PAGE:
FCTA statement at Virginia Institute press conference on transportation
January 10, 2006
By Arthur G. Purves
President, Fairfax County Taxpayers Alliance
Our message is simple: It is unnecessary to raise taxes for transportation. I say this realizing that, after decades of being government’s lowest priority, transportation probably needs a significant funding increase. The speakers following me will address minimizing that increase.
That transportation is a low priority is evident from inequitable funding of transportation compared to social programs. Social programs, meaning education, welfare, and courts and prisons, are paid for from the state’s General Fund, which is financed primarily from income and sales taxes. Transportation is paid for from the state’s Non-General Fund and is financed in large part from gasoline taxes.
Since income and sales taxes are a percent of income and a percent of purchase price, they increase with inflation and economic growth. Hence General Fund revenues grow with inflation and the economy. One of Virginia’s best-kept secrets is that not a penny of income taxes is spent on transportation. Also 95 percent of sales taxes is off-limits to transportation. However, combined state and federal gasoline taxes are 35.9 cents per gallon and therefore do not increase with inflation. Rather, higher gas prices leading to the purchase of more fuel-efficient cars can depress fuel tax revenues.
The result is that public education and welfare are funded from the fastest growing revenues — income and sales taxes — while transportation relies on a stagnant revenue source — gasoline taxes.
The contrast is dramatic. I refer you to the top two graphs in the handout. The graph on the left compares the percent increase in Virginia’s population with the percent increase in Virginia’s inflation-adjusted transportation budget. For most of 25 years, Virginia transportation funding has trailed population growth. It is interesting that the funding spike for 2005 and 2006 was done without a tax hike.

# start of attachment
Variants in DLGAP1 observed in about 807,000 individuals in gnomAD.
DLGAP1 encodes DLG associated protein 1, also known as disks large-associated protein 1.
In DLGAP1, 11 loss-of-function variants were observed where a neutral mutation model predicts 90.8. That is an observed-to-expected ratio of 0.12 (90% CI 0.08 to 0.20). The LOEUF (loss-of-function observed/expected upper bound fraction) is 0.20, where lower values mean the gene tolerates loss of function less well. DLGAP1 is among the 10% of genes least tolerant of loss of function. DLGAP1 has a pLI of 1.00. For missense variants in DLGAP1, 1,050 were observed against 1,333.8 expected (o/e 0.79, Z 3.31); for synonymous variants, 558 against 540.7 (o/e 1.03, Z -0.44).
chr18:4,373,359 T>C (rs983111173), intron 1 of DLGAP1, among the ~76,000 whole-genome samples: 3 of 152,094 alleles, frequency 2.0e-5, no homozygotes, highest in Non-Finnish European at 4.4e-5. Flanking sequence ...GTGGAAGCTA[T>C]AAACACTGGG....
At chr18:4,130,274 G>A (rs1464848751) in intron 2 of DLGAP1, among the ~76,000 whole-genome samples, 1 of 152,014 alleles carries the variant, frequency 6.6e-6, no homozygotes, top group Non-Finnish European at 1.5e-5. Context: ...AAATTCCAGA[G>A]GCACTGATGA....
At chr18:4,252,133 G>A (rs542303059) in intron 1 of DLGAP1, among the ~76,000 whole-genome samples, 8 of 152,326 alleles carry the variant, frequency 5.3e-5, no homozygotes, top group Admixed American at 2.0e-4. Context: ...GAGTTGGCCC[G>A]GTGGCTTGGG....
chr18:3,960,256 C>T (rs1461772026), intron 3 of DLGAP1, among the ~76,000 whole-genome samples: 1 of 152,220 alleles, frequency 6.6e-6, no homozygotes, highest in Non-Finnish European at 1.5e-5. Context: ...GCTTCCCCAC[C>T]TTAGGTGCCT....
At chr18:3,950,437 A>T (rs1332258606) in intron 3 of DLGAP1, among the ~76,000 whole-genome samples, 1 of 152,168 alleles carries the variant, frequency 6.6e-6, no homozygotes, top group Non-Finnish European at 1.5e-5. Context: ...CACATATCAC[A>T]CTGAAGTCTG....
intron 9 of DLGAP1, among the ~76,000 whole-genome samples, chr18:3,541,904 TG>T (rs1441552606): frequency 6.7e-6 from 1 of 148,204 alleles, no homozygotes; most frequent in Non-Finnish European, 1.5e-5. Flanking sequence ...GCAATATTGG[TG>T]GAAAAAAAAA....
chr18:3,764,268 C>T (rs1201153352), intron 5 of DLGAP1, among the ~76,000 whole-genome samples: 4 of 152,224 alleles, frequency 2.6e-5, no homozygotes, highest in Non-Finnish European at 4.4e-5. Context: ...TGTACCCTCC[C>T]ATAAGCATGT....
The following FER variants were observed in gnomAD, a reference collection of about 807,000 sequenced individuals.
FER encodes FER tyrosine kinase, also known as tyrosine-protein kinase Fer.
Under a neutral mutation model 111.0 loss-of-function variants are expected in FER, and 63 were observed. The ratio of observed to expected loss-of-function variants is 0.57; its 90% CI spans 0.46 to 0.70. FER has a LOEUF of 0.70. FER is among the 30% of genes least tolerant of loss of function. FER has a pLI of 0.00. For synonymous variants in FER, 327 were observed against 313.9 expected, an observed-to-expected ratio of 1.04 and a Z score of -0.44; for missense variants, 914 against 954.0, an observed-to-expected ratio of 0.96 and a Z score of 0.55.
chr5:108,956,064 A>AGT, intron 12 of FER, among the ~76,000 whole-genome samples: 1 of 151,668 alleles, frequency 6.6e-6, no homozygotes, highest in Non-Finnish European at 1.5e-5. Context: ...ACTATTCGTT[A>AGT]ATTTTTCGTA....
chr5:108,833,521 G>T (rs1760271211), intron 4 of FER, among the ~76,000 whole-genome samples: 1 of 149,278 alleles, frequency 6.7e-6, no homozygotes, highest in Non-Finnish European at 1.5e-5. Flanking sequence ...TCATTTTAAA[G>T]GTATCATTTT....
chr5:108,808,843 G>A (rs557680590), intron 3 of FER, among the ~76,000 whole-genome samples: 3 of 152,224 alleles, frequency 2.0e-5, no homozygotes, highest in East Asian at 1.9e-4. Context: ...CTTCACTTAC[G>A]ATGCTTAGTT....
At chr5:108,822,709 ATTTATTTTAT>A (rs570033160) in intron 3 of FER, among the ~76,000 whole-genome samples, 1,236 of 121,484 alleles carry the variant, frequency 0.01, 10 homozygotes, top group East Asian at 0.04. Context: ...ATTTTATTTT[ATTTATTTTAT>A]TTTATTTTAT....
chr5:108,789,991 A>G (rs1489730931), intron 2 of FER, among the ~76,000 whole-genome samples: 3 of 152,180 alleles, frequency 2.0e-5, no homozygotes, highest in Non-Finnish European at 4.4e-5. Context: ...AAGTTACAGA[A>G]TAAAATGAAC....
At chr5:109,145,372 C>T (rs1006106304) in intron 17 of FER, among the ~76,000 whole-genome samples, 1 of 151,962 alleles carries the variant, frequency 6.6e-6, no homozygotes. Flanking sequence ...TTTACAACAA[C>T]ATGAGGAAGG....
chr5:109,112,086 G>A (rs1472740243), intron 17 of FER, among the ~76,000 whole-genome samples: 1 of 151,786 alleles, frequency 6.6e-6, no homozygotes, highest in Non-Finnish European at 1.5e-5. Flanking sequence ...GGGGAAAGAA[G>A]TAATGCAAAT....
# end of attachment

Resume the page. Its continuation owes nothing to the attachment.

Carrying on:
The graph on the right shows that Virginia’s inflation adjusted spending on public schools has been increasing ten times faster than enrollment. Virginia’s public school staff has been increasing seven times faster than enrollment.
What is the result of this massive, and unpublicized, increase in public school spending? According to the National Assessment of Education Progress, 65 percent of Virginia fourth and eighth graders score below grade level.
Because they have monopolized the fast-growing General Fund revenues, social spending programs have not received adequate scrutiny while our transportation infrastructure has languished. We should tear down the inequitable and arbitrary barrier between income taxes and transportation. The transportation solution is to let transportation compete against social spending for income taxes and all sales taxes. This would mean more scrutiny for social spending and an inflation-indexed revenue source for transportation.
Updated March 29, 2006
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